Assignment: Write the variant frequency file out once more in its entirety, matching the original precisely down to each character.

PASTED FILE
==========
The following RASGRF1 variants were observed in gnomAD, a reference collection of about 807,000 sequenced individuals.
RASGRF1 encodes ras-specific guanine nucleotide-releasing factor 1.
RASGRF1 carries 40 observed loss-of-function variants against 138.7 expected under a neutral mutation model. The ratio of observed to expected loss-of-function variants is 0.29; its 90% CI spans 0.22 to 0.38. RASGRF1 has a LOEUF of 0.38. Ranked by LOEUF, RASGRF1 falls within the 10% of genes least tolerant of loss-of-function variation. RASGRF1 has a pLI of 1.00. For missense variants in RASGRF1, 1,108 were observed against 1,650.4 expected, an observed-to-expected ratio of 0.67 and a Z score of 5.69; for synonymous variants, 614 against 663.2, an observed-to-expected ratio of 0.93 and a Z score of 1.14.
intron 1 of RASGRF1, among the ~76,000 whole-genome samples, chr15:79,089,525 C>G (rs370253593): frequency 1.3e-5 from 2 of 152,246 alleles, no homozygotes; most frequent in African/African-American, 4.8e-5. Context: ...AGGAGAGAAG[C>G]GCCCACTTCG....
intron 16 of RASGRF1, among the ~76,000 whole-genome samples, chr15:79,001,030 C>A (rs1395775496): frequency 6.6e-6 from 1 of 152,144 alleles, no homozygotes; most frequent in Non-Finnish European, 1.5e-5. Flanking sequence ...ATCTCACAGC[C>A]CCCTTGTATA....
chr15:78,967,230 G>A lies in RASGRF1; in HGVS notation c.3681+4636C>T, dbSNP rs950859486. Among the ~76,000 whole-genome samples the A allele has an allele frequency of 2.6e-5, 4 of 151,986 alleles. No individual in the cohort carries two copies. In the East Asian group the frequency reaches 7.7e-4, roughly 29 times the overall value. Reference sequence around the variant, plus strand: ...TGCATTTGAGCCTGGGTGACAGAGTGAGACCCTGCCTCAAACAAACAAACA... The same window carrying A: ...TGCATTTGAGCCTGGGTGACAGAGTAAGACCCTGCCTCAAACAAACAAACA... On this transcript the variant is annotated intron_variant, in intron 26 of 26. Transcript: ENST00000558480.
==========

The following RASGRF1 variants were observed in gnomAD, a reference collection of about 807,000 sequenced individuals.
RASGRF1 encodes ras-specific guanine nucleotide-releasing factor 1.
RASGRF1 carries 40 observed loss-of-function variants against 138.7 expected under a neutral mutation model. The ratio of observed to expected loss-of-function variants is 0.29; its 90% CI spans 0.22 to 0.38. RASGRF1 has a LOEUF of 0.38. Ranked by LOEUF, RASGRF1 falls within the 10% of genes least tolerant of loss-of-function variation. RASGRF1 has a pLI of 1.00. For missense variants in RASGRF1, 1,108 were observed against 1,650.4 expected, an observed-to-expected ratio of 0.67 and a Z score of 5.69; for synonymous variants, 614 against 663.2, an observed-to-expected ratio of 0.93 and a Z score of 1.14.
intron 1 of RASGRF1, among the ~76,000 whole-genome samples, chr15:79,089,525 C>G (rs370253593): frequency 1.3e-5 from 2 of 152,246 alleles, no homozygotes; most frequent in African/African-American, 4.8e-5. Context: ...AGGAGAGAAG[C>G]GCCCACTTCG....
intron 16 of RASGRF1, among the ~76,000 whole-genome samples, chr15:79,001,030 C>A (rs1395775496): frequency 6.6e-6 from 1 of 152,144 alleles, no homozygotes; most frequent in Non-Finnish European, 1.5e-5. Flanking sequence ...ATCTCACAGC[C>A]CCCTTGTATA....
chr15:78,967,230 G>A lies in RASGRF1; in HGVS notation c.3681+4636C>T, dbSNP rs950859486. Among the ~76,000 whole-genome samples the A allele has an allele frequency of 2.6e-5, 4 of 151,986 alleles. No individual in the cohort carries two copies. In the East Asian group the frequency reaches 7.7e-4, roughly 29 times the overall value. Reference sequence around the variant, plus strand: ...TGCATTTGAGCCTGGGTGACAGAGTGAGACCCTGCCTCAAACAAACAAACA... The same window carrying A: ...TGCATTTGAGCCTGGGTGACAGAGTAAGACCCTGCCTCAAACAAACAAACA... On this transcript the variant is annotated intron_variant, in intron 26 of 26. Transcript: ENST00000558480.